Turbo-Tax Tim Does 3 Sunday Shows UPDATE: Geithner Praises Obama’s ‘Incredibly Effective’ Economic Policies
Posted on | April 15, 2012 | 17 Comments
The Treasury Secretary is ubiquitous on Tax Day:
- ABC This Week: Timothy Geithner.
- NBC Meet the Press: Timothy Geithner; Rep. Michele Bachmann, R-Minn.; Sen. Kirsten Gillibrand, D-N.Y.
- CBS Face the Nation: Timothy Geithner; Sen. John McCain, R-Ariz.
- CNN State of the Union: Reince Priebus, chairman of the Republican National Committee; Reps. Carolyn Maloney, D-N.Y., and Cathy McMorris Rodgers, R-Wash.
- Fox News Sunday: Ed Gillespie, adviser to Republican presidential candidate Mitt Romney; David Axelrod, adviser to President Obama’s re-election campaign.
UPDATE: Kool-Aid? Anybody want some Kool-Aid?
President Obama’s economic policies “were incredibly effective,” Treasury Secretary Timothy Geithner said Sunday, crediting the president with having prevented a depression.
While admitting it is “still a very tough economy out there,” Geithner said the administration is “making a lot of progress” and said “the broad indicators are pretty encouraging.”
Interviewed on ABC’s This Week, Geithner was asked by host George Stephanopoulos about the gloomy forecasts from economists such as New York University professor Nouriel Roubini, who called the current recovery “anemic, subpar, below trend, below potential.”
Geithner suggested Obama could not be blamed for that, saying “if he’d had more support from his opponents in Congress, then we could have got more things passed that would have put more people back to work more quickly.” . . .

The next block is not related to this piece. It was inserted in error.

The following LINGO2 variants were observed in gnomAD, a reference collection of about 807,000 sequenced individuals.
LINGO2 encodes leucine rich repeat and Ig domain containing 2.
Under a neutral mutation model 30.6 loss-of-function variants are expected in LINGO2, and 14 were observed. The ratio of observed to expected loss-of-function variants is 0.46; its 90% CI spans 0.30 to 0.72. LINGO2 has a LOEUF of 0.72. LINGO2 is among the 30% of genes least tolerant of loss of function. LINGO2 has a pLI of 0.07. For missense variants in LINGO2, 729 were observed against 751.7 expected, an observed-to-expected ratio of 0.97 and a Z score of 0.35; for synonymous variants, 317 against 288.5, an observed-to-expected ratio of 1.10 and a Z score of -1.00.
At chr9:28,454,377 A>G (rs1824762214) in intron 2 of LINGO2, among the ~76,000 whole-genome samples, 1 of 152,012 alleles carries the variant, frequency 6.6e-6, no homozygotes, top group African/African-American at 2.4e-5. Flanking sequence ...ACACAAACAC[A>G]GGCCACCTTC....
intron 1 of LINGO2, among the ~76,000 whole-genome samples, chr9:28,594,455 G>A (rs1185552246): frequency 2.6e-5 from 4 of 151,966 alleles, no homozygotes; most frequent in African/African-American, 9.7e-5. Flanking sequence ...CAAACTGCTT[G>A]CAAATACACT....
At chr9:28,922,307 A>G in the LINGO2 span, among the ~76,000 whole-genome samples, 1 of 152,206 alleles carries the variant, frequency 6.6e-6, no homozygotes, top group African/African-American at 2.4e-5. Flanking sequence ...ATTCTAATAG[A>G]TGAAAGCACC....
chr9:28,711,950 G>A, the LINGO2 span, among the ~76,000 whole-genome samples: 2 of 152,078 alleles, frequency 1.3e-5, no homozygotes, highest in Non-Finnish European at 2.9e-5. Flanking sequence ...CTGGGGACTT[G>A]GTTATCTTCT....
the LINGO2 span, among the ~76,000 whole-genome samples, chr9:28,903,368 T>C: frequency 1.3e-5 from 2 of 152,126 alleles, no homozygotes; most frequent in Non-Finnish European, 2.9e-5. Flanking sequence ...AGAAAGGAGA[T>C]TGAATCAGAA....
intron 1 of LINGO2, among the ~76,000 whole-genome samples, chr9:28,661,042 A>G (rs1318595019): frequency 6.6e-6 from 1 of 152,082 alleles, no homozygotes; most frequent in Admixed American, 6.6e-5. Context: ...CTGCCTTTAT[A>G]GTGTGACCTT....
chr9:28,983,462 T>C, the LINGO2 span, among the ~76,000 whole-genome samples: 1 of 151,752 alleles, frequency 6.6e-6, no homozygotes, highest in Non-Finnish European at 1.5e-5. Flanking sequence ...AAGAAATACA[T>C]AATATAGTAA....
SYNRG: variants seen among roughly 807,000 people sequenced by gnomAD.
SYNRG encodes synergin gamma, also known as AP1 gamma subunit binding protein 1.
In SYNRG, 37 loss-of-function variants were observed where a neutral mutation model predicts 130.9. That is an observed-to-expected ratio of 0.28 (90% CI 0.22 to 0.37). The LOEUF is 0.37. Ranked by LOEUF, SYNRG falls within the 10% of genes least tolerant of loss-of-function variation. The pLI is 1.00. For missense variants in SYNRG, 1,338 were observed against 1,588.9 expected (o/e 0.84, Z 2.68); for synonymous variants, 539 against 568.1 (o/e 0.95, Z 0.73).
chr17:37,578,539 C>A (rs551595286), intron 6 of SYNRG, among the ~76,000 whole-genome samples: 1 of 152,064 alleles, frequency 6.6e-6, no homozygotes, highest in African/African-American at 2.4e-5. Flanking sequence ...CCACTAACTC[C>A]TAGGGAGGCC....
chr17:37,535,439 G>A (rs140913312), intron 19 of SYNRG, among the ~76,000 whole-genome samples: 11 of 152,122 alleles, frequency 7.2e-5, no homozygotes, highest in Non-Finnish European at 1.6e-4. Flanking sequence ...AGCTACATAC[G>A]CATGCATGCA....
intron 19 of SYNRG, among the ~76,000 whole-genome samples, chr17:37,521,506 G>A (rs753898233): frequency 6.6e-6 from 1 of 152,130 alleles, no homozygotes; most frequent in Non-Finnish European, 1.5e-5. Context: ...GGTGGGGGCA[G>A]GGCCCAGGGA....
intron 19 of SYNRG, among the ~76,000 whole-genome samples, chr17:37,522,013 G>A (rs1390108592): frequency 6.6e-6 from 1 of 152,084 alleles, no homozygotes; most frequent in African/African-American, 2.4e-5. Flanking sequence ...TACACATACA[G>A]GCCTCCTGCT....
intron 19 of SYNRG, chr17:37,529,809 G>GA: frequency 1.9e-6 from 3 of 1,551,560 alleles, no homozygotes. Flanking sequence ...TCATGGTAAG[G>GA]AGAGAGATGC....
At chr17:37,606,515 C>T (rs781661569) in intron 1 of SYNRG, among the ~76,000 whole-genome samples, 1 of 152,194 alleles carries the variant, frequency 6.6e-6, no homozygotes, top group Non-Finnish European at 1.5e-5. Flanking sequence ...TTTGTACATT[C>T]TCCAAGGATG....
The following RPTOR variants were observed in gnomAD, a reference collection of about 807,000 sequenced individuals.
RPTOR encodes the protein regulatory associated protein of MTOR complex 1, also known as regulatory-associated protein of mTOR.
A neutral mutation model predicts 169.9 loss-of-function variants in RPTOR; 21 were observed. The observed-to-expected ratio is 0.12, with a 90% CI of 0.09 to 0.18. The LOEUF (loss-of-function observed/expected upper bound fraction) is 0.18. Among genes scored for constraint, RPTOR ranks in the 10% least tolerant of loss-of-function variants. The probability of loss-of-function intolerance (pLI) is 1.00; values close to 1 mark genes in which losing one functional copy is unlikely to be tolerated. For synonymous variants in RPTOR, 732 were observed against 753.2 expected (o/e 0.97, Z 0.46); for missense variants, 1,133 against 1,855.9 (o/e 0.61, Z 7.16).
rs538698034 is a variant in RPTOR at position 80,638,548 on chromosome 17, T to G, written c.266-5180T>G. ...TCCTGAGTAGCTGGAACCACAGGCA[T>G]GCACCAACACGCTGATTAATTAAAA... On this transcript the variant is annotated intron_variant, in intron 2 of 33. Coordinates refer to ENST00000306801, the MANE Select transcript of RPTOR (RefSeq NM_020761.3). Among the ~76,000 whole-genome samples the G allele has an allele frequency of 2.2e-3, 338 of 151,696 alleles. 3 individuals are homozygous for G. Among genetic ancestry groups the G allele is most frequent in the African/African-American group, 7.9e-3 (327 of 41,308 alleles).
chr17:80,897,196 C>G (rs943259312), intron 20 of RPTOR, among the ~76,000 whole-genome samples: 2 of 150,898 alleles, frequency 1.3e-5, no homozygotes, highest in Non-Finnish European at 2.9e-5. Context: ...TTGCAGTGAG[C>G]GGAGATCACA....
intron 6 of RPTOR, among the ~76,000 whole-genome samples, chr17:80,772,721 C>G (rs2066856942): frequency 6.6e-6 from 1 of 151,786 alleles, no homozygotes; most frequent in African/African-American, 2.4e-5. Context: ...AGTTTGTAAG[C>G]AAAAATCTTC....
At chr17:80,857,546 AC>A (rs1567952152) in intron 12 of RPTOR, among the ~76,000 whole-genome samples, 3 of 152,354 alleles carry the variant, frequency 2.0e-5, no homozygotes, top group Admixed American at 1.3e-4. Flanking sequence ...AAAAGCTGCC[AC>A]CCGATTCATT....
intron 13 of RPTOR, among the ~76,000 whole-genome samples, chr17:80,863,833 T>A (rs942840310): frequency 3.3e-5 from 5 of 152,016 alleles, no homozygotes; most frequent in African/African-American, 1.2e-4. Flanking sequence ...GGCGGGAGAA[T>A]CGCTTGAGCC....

Read the whole thing at The American Spectator, which I hope citizen-journalists will study as a lesson in Neutral Objective Journalism. One of the basic jobs of a D.C. political reporter is the Sunday show round-up: What did the “newsmakers” (government officials, party leaders, candidates, etc.) say on the Sunday shows?
If you can do nothing else from the comfort of home, you can always report What People Say on TV. The key to doing that effectively, however, is to write it as straight news: “Joe Friday, Just-the-Facts-Ma’am” is a style that anyone can learn by study and practice. Repress your bloggerly temptation to snark it up, resist any urge you might have toward sensationalism, and just tell it straight. Identify the key quotes and facts and assemble them into the kind of basic reporting that wire services do.